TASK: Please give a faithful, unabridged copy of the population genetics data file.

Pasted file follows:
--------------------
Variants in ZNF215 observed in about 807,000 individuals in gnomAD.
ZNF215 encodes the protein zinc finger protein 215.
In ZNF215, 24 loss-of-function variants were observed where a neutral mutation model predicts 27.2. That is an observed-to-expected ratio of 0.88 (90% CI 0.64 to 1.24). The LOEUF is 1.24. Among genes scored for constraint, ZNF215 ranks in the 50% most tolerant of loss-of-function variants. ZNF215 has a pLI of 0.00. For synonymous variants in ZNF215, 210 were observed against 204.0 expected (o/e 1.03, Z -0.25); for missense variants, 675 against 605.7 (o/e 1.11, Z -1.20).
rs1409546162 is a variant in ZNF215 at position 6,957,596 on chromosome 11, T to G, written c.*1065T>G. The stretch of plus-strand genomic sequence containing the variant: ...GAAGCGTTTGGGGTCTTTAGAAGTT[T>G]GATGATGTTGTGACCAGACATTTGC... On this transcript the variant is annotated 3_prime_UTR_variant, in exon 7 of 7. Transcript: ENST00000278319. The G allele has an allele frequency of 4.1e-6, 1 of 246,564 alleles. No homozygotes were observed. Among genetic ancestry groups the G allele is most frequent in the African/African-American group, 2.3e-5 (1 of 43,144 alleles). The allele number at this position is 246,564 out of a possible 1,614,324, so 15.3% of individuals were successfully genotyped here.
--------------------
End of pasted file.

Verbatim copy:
Variants in ZNF215 observed in about 807,000 individuals in gnomAD.
ZNF215 encodes the protein zinc finger protein 215.
In ZNF215, 24 loss-of-function variants were observed where a neutral mutation model predicts 27.2. That is an observed-to-expected ratio of 0.88 (90% CI 0.64 to 1.24). The LOEUF is 1.24. Among genes scored for constraint, ZNF215 ranks in the 50% most tolerant of loss-of-function variants. ZNF215 has a pLI of 0.00. For synonymous variants in ZNF215, 210 were observed against 204.0 expected (o/e 1.03, Z -0.25); for missense variants, 675 against 605.7 (o/e 1.11, Z -1.20).
rs1409546162 is a variant in ZNF215 at position 6,957,596 on chromosome 11, T to G, written c.*1065T>G. The stretch of plus-strand genomic sequence containing the variant: ...GAAGCGTTTGGGGTCTTTAGAAGTT[T>G]GATGATGTTGTGACCAGACATTTGC... On this transcript the variant is annotated 3_prime_UTR_variant, in exon 7 of 7. Transcript: ENST00000278319. The G allele has an allele frequency of 4.1e-6, 1 of 246,564 alleles. No homozygotes were observed. Among genetic ancestry groups the G allele is most frequent in the African/African-American group, 2.3e-5 (1 of 43,144 alleles). The allele number at this position is 246,564 out of a possible 1,614,324, so 15.3% of individuals were successfully genotyped here.